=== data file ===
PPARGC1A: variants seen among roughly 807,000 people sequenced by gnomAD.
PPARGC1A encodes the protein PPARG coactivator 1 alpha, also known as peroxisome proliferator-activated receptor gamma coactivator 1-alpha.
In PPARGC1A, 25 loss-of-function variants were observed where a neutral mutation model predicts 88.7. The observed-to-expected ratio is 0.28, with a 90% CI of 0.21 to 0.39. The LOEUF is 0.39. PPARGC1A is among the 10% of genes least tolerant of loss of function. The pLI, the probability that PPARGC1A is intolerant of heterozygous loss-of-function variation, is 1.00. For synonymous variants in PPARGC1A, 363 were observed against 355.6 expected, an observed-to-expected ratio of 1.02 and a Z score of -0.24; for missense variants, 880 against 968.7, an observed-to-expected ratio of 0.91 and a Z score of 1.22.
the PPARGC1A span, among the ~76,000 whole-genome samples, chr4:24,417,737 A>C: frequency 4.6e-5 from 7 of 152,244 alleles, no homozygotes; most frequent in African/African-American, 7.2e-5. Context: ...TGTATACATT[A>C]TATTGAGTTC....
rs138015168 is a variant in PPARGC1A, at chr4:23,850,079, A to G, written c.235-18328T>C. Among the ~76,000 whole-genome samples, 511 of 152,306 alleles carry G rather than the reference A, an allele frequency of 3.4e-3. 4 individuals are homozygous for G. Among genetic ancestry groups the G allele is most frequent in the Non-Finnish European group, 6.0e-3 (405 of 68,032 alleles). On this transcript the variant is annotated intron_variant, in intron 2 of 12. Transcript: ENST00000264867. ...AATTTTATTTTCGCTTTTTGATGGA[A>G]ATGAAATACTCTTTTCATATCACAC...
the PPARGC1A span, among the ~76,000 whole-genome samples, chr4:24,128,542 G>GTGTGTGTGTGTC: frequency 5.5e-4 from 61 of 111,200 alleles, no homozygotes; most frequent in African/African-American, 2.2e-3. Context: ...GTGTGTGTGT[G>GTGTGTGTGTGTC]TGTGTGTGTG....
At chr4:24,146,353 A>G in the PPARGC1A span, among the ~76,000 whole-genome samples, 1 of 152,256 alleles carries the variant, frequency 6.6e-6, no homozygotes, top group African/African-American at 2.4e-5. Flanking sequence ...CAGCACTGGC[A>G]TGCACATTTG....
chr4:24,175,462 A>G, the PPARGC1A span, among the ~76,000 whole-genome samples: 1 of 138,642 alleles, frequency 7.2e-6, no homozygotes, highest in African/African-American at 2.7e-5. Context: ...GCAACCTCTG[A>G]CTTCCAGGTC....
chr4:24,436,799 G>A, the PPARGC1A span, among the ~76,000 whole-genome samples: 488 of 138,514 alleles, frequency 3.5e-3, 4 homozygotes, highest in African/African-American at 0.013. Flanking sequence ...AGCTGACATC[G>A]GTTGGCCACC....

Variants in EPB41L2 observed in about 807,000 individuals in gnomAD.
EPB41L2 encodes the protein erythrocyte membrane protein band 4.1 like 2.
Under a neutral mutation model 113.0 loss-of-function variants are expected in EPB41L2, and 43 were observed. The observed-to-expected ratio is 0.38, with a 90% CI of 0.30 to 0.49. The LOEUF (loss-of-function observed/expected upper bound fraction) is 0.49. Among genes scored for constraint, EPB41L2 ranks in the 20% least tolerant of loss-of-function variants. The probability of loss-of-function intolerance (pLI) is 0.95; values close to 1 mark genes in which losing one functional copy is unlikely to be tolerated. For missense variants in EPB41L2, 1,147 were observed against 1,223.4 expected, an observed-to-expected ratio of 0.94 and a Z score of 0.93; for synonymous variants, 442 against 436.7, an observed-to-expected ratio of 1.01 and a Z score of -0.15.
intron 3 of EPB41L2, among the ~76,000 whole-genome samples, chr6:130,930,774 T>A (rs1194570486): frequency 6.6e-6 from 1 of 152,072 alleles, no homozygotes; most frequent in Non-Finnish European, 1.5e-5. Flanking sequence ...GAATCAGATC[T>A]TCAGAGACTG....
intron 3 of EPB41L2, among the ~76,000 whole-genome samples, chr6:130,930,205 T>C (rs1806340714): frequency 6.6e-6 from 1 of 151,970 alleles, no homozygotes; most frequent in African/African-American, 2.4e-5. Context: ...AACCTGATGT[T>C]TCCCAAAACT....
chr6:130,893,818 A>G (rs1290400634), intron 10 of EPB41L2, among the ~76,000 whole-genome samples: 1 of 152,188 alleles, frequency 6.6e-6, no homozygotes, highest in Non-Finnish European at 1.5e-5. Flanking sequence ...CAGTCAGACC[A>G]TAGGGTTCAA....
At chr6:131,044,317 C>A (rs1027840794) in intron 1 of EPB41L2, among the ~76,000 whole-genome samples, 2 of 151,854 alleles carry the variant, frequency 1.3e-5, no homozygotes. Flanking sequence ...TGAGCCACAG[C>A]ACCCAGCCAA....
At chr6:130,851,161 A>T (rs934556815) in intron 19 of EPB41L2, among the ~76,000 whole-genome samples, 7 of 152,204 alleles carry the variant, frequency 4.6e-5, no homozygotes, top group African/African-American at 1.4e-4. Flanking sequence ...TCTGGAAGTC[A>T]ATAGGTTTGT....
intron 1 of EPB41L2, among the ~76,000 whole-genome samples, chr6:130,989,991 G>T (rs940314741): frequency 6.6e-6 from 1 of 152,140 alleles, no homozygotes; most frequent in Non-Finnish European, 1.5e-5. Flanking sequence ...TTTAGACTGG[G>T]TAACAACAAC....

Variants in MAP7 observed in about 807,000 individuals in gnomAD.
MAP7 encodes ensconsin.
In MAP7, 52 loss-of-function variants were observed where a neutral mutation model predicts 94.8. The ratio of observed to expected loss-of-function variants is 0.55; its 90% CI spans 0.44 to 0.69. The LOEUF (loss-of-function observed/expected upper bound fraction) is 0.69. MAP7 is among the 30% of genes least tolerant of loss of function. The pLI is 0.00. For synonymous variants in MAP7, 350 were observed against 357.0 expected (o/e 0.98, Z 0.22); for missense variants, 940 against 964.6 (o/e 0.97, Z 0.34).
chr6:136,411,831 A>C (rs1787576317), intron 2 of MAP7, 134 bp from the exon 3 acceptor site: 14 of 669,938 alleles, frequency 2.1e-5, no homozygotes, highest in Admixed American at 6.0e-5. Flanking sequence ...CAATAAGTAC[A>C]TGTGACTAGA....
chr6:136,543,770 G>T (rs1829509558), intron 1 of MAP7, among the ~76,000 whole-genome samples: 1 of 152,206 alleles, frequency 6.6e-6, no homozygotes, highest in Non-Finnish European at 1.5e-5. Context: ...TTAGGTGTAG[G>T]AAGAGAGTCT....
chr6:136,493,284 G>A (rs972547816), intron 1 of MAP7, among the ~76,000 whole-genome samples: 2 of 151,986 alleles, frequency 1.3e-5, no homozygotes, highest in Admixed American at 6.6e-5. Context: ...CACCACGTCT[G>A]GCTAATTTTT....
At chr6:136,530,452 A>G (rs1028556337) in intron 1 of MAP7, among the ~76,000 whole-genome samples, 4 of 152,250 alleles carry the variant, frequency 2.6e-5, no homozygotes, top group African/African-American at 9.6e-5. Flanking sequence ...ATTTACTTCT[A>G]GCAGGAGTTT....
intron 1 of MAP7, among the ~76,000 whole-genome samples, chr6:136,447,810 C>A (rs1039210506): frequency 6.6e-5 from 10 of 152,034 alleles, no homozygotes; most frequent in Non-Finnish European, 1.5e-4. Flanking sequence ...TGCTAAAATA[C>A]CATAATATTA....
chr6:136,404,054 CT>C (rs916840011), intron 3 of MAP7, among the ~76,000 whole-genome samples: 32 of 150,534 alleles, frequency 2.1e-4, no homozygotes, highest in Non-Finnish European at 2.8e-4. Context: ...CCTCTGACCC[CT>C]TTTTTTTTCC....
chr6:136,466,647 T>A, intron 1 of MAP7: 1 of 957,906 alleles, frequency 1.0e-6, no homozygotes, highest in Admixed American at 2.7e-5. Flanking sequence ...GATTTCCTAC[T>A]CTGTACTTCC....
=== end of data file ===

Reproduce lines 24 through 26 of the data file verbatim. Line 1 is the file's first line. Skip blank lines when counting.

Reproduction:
chr6:136,493,284 G>A (rs972547816), intron 1 of MAP7, among the ~76,000 whole-genome samples: 2 of 151,986 alleles, frequency 1.3e-5, no homozygotes, highest in Admixed American at 6.6e-5. Context: ...CACCACGTCT[G>A]GCTAATTTTT....
At chr6:136,530,452 A>G (rs1028556337) in intron 1 of MAP7, among the ~76,000 whole-genome samples, 4 of 152,250 alleles carry the variant, frequency 2.6e-5, no homozygotes, top group African/African-American at 9.6e-5. Flanking sequence ...ATTTACTTCT[A>G]GCAGGAGTTT....
intron 1 of MAP7, among the ~76,000 whole-genome samples, chr6:136,447,810 C>A (rs1039210506): frequency 6.6e-5 from 10 of 152,034 alleles, no homozygotes; most frequent in Non-Finnish European, 1.5e-4. Flanking sequence ...TGCTAAAATA[C>A]CATAATATTA....